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Computer Science student seeking advice! - Page 2

post #11 of 12
I graduated with a Computer Engineering degree from GA Tech. Take my words with a grain of salt since I wasn't a CS major (though the job I'm in right now is entirely coding/scripting), and I don't have as much experience algorithmic analysis as I would expect CS majors at my school did. Mine was more focused on physics, electromagnetics, logic circuits, etc etc etc.

Math isn't really that useful for any discipline, by itself. What you need to know is how to use math to get to a meaningful result. The most important thing is taking a problem and learning to break it down into little, calculable tidbits. However, there is a lot of groundwork to this, starting with Algebra. Being able to assign numbers to variables and understanding essentially what you're doing is really core for a programmer. You can't go without that.

Calculus and above (I've done Calc 1-3, DiffEQ, and discrete as far as pure math goes) deals with problems that need more specialized means of getting there, essentially. IE, you want to calculate the area under this curve (cumsum over a discrete space with infinite resolution iirc), you'll need to know how to do an integral. If you want to find out how this line changes at this point and find tangential planes and all that other jazz, you'll need differentiation.

Is this useful to a programmer? Not necessarily.

If you do any kind of design for a game it will probably be a very good thing to get comfortable with coordinate planes and systems and calculations involving them.... especially if you want to do any kind of physics engine, and if you want to do anything cute with it (black hole generators and such). I suggest up to Calc 3 for that as it introduces you to different coordinate systems and shows you how to implement them.

Where math starts getting really tricky is algorithm analysis. Whether it's efficiency, probability of success, or anything in between, you might find yourself working with more and more complicated functions (that you might end up having to use Runge–Kutta to "solve", depending on the amount of variables it depends on, and how).

Also, I would look not upon that "Stats/Probability" requirement as being trivial. I don't know how it was over there, but Statistics here is... an interesting ride. One that made me realize it was quite possibly one of not only the most difficult, but most useful fields. Probability and statistics is not intuitive at all. Unless they make it faceroll easy, expect some challenge.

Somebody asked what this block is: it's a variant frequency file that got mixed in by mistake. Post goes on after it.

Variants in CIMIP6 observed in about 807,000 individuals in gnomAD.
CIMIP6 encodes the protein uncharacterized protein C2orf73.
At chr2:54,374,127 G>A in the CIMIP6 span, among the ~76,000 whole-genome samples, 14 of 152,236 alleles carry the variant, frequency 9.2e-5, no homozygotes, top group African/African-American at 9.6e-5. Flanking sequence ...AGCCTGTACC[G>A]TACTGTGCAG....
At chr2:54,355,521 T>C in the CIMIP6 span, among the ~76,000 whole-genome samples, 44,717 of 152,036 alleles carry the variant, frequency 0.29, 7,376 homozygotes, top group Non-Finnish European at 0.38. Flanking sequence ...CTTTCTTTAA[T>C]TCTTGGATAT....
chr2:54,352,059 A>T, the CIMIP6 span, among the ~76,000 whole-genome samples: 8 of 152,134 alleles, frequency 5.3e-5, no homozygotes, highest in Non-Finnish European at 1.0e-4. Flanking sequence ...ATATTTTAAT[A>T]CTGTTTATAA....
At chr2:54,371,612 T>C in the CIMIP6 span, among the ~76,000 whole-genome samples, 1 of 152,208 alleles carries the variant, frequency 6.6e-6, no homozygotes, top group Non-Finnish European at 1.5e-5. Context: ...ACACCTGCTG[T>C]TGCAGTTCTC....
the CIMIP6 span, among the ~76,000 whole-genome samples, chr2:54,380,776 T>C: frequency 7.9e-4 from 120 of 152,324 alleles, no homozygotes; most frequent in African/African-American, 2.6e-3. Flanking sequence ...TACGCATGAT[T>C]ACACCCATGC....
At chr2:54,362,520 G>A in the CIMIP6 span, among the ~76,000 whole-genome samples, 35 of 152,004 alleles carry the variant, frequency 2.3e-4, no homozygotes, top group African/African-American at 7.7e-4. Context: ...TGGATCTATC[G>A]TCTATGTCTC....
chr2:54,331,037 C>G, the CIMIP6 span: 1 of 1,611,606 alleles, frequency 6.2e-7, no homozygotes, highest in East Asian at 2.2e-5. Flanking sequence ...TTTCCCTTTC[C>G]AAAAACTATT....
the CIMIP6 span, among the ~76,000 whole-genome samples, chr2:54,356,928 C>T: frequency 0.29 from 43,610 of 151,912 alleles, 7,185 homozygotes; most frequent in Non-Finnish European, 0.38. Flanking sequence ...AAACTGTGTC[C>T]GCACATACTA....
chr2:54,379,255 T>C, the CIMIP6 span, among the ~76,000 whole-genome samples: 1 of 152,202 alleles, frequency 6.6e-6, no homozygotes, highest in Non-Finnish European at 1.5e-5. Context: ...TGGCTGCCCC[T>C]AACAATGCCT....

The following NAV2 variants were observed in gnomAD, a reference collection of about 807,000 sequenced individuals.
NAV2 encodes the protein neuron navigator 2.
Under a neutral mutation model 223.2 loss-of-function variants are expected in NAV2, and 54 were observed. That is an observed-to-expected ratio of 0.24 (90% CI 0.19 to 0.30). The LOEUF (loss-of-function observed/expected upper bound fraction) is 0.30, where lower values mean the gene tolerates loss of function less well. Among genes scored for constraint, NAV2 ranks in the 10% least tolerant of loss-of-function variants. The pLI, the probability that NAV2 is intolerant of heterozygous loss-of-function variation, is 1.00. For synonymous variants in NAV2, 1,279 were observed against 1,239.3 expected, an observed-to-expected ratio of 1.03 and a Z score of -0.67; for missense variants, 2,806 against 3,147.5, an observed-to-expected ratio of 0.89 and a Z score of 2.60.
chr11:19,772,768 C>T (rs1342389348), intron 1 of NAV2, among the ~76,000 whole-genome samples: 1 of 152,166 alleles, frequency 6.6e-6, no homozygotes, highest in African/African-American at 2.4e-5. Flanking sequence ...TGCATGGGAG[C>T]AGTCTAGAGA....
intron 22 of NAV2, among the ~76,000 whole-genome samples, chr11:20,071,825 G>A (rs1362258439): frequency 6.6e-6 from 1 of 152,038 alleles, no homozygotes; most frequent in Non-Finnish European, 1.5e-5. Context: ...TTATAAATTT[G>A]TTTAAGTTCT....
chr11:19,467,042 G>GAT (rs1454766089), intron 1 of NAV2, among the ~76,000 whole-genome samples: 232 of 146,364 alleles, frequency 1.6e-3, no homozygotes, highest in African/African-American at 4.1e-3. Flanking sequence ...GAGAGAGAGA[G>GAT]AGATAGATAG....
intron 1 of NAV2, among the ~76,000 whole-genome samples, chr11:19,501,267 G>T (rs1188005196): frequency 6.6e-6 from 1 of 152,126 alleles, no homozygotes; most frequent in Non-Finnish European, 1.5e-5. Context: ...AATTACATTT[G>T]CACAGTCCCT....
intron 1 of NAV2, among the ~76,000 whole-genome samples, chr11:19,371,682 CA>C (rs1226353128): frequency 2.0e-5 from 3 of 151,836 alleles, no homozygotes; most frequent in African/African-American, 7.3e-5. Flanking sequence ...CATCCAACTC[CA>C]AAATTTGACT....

TL;DR: It depends on what kind of coding you're doing. For instance the job I'm in is web design, database manipulation, parsing, etc. You could probably get by here easily by just relying on solid foundation and very basic algebra skills, supposing you had good problem solving skills... it can get harder than that quickly though.

Just throwing this out there for fun.

Edit: Oh, and my first exposure to coding was Matlab in one of my CS courses, and then the second one was C, with a crappy teacher. Pointers confused the living crap out of me for a little while and C is naturally a huge step up from Matlab.
Edited by stolemyowncar - 10/3/13 at 11:55am
post #12 of 12
I think you should go for it and see if you like it. Calculus is made out to be very intimidating but like many other common mathematics courses, is extremely intuitive and relatable to everyday experience. My greatest advice with math courses is to try to understand what you're learning, rather than relying on mechanical application of formulas. Once you see how calculus defines and explains concepts like the relationship between position, velocity, and acceleration, or the formulas for volume of common objects, it truly becomes a powerful and ingrained tool.

I would also venture to say that the average computer scientist will not often employ calculus. In my experience, number theory and linear algebra are the far more common tools for the computer scientist. That's of course dependent on your position, though.

At any rate, a lot of algorithmic analysis (time complexity) proofs and many of the more advanced topics in the undergraduate CS curriculum will expect a familiarity with Calculus.
Edited by theRYB - 10/11/13 at 11:06am
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